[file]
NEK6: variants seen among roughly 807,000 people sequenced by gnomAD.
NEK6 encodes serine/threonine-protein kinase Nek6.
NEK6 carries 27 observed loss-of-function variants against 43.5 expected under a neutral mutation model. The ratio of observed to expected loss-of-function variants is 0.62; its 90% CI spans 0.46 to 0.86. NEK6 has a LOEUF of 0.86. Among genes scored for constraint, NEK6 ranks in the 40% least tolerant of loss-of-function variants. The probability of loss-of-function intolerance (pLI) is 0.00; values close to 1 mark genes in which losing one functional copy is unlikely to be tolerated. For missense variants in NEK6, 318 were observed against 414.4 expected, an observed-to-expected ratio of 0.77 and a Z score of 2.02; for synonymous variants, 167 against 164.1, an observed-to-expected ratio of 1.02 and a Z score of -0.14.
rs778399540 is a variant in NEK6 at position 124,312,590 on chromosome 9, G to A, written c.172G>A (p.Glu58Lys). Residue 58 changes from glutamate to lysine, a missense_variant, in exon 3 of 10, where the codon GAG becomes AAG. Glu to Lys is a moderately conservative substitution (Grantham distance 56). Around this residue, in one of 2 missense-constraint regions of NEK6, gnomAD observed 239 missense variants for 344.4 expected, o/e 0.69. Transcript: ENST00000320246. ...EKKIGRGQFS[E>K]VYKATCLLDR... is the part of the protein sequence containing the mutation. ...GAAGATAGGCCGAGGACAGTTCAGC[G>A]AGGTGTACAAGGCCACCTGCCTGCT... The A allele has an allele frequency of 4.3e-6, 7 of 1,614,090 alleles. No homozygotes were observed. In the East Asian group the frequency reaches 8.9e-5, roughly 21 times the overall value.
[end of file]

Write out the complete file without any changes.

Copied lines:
NEK6: variants seen among roughly 807,000 people sequenced by gnomAD.
NEK6 encodes serine/threonine-protein kinase Nek6.
NEK6 carries 27 observed loss-of-function variants against 43.5 expected under a neutral mutation model. The ratio of observed to expected loss-of-function variants is 0.62; its 90% CI spans 0.46 to 0.86. NEK6 has a LOEUF of 0.86. Among genes scored for constraint, NEK6 ranks in the 40% least tolerant of loss-of-function variants. The probability of loss-of-function intolerance (pLI) is 0.00; values close to 1 mark genes in which losing one functional copy is unlikely to be tolerated. For missense variants in NEK6, 318 were observed against 414.4 expected, an observed-to-expected ratio of 0.77 and a Z score of 2.02; for synonymous variants, 167 against 164.1, an observed-to-expected ratio of 1.02 and a Z score of -0.14.
rs778399540 is a variant in NEK6 at position 124,312,590 on chromosome 9, G to A, written c.172G>A (p.Glu58Lys). Residue 58 changes from glutamate to lysine, a missense_variant, in exon 3 of 10, where the codon GAG becomes AAG. Glu to Lys is a moderately conservative substitution (Grantham distance 56). Around this residue, in one of 2 missense-constraint regions of NEK6, gnomAD observed 239 missense variants for 344.4 expected, o/e 0.69. Transcript: ENST00000320246. ...EKKIGRGQFS[E>K]VYKATCLLDR... is the part of the protein sequence containing the mutation. ...GAAGATAGGCCGAGGACAGTTCAGC[G>A]AGGTGTACAAGGCCACCTGCCTGCT... The A allele has an allele frequency of 4.3e-6, 7 of 1,614,090 alleles. No homozygotes were observed. In the East Asian group the frequency reaches 8.9e-5, roughly 21 times the overall value.